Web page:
Talking of the Post Office I am sure you know what colour the man is who has been brought in to save it. Significantly he was put there by our Black Government that wasn’t prepared to uplift one of its own by giving him or her the job.                                                    

There’s hardly anything run by the Government that is not suffering from terrible inefficiency and mind boggling graft. The railways are in a mess with Cape Town’s Metro rail inconveniencing thousands daily by having more delays than running time. Main line passenger trains are no better. They are guaranteed to stop for hours in the middle of nowhere so that passengers never have any idea when they will actually arrive at their destination. Numerous local councils are bankrupt with the Police Service and Eskom’s hierarchy in disarray. Not to mention a President hiding under a huge cloud hoping nobody will notice what he’s been up to, while prominent members of his own party call for him to step down. And that’s just a rough sample.
Oh and whose fault is it that our country has been downgraded to junk status?
These are the areas that the Commission tells us are mostly headed by Blacks so surely we must thank God for that 9.5% of Whites who are keeping the most productive part of the economy on the road. Without them we would all be even further down the drain than we already are and nobody would have a job of any kind.
It would be just as futile then, as you have done, to blame colonialism or apartheid when we know perfectly well what the real cause is.
If your column is an indication of what you are telling your children I think you are misleading them. You neglected to put things fairly in perspective by giving both sides of the story like every cub reporter learns to do at journalism school.
Unfortunately the way things are heading that small percentage of Whites, who are our life line at the moment, might soon disappear altogether. Then we’ll have to see if we are any better off with top management in the private sector being 100% Black. But it will be one hell of a gamble judging by what has already happened in the public sector.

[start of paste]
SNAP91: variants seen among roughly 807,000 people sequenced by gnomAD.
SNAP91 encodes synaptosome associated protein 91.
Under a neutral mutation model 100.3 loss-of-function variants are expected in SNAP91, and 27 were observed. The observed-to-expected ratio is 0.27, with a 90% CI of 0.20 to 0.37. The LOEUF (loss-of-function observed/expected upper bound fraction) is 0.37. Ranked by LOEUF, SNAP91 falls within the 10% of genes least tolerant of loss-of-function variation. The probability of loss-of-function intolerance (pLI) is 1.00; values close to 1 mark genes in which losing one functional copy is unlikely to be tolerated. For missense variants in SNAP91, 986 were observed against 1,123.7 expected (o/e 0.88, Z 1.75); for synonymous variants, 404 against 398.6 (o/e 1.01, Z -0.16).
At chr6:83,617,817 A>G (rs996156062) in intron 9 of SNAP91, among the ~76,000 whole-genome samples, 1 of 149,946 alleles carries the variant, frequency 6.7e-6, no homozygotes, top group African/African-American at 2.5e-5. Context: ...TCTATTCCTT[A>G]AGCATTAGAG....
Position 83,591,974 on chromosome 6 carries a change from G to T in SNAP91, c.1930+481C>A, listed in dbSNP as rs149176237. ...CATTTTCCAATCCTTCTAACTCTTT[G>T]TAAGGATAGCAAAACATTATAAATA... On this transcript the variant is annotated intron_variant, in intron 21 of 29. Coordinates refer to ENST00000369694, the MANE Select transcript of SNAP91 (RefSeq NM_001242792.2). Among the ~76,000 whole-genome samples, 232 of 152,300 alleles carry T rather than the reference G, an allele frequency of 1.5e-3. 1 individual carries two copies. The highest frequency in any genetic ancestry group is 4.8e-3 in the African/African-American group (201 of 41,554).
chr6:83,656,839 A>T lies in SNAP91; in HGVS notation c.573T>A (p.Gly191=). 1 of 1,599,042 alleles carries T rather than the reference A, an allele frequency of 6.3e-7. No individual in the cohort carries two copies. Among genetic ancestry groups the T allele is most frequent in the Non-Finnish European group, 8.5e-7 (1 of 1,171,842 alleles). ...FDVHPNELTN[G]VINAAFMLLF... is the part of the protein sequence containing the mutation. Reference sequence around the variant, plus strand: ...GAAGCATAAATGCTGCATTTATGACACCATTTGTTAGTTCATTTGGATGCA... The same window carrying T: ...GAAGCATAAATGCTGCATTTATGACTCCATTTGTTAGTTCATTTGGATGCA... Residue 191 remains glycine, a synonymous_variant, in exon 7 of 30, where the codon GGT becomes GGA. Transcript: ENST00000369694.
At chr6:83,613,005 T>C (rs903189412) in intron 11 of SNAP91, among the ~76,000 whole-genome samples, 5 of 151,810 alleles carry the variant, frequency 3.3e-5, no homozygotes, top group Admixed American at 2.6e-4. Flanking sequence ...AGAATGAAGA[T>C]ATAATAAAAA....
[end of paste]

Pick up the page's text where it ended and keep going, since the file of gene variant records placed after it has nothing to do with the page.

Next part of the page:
The papers are full of stories about the rich planning their escape to other countries if radical economic transformation means having their properties seized and riots get completely out of hand. The ‘rich’ they are talking about are almost certainly 100% White.
I hope I haven’t whitewashed the seriousness of the situation.
Jon, the Poorman’s Press Ombudsman.

P.S. You are in good company when it comes to understanding the Black and White complexities of our employment situation. Advertising in your own paper for a Municipal Manager the King Cetshwayo District Municipality had this to say:
The Municipality subscribes to an Affirmative Action Programme, which is non-racist, non-sexist, non-discriminatory and based on merit.

P.P.S. For readers who don’t know Business Times is the business section of the Johannesburg based Sunday Times. Its Editor Bongani Siqoko certainly hasn’t let the country’s history hold him back. And presumably he’s in that 10.7% of Blacks who have made it to top management in the private sector.

1 comment:

  1. Brilliant letter. You can see on the photos of her face she is an embittered frustrated woman. Poor husband....